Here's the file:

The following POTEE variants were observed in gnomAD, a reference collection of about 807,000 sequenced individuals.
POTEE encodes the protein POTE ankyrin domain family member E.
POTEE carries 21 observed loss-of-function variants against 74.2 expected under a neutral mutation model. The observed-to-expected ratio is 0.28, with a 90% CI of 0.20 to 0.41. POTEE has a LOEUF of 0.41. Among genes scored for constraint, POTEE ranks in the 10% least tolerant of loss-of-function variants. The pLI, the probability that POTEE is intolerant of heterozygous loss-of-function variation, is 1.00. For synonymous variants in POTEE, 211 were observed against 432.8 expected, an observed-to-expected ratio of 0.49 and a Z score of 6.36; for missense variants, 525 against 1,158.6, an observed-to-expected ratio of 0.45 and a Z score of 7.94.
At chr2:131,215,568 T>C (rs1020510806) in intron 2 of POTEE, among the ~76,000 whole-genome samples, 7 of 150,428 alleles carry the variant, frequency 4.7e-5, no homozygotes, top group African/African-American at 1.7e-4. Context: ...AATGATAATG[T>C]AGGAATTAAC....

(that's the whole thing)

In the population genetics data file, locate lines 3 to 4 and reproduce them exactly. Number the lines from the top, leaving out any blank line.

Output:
POTEE carries 21 observed loss-of-function variants against 74.2 expected under a neutral mutation model. The observed-to-expected ratio is 0.28, with a 90% CI of 0.20 to 0.41. POTEE has a LOEUF of 0.41. Among genes scored for constraint, POTEE ranks in the 10% least tolerant of loss-of-function variants. The pLI, the probability that POTEE is intolerant of heterozygous loss-of-function variation, is 1.00. For synonymous variants in POTEE, 211 were observed against 432.8 expected, an observed-to-expected ratio of 0.49 and a Z score of 6.36; for missense variants, 525 against 1,158.6, an observed-to-expected ratio of 0.45 and a Z score of 7.94.
At chr2:131,215,568 T>C (rs1020510806) in intron 2 of POTEE, among the ~76,000 whole-genome samples, 7 of 150,428 alleles carry the variant, frequency 4.7e-5, no homozygotes, top group African/African-American at 1.7e-4. Context: ...AATGATAATG[T>C]AGGAATTAAC....